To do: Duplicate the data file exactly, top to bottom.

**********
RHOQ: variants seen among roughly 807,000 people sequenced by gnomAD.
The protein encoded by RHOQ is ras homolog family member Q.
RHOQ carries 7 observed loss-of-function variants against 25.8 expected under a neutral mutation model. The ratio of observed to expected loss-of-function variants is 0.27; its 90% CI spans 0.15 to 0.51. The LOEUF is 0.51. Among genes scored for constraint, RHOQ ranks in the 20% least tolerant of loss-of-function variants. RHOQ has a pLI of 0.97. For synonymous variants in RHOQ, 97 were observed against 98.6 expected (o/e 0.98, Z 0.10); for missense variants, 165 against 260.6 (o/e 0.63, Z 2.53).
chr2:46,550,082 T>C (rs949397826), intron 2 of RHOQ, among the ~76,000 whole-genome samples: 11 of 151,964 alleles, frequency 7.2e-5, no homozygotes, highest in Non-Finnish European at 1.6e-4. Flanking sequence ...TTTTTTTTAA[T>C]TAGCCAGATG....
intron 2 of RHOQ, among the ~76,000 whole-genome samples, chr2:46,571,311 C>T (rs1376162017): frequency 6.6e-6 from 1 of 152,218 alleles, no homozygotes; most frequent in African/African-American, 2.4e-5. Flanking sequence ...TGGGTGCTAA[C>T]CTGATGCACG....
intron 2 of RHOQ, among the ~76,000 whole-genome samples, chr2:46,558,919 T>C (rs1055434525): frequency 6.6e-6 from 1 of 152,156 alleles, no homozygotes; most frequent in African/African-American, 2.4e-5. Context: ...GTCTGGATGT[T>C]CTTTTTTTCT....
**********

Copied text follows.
RHOQ: variants seen among roughly 807,000 people sequenced by gnomAD.
The protein encoded by RHOQ is ras homolog family member Q.
RHOQ carries 7 observed loss-of-function variants against 25.8 expected under a neutral mutation model. The ratio of observed to expected loss-of-function variants is 0.27; its 90% CI spans 0.15 to 0.51. The LOEUF is 0.51. Among genes scored for constraint, RHOQ ranks in the 20% least tolerant of loss-of-function variants. RHOQ has a pLI of 0.97. For synonymous variants in RHOQ, 97 were observed against 98.6 expected (o/e 0.98, Z 0.10); for missense variants, 165 against 260.6 (o/e 0.63, Z 2.53).
chr2:46,550,082 T>C (rs949397826), intron 2 of RHOQ, among the ~76,000 whole-genome samples: 11 of 151,964 alleles, frequency 7.2e-5, no homozygotes, highest in Non-Finnish European at 1.6e-4. Flanking sequence ...TTTTTTTTAA[T>C]TAGCCAGATG....
intron 2 of RHOQ, among the ~76,000 whole-genome samples, chr2:46,571,311 C>T (rs1376162017): frequency 6.6e-6 from 1 of 152,218 alleles, no homozygotes; most frequent in African/African-American, 2.4e-5. Flanking sequence ...TGGGTGCTAA[C>T]CTGATGCACG....
intron 2 of RHOQ, among the ~76,000 whole-genome samples, chr2:46,558,919 T>C (rs1055434525): frequency 6.6e-6 from 1 of 152,156 alleles, no homozygotes; most frequent in African/African-American, 2.4e-5. Context: ...GTCTGGATGT[T>C]CTTTTTTTCT....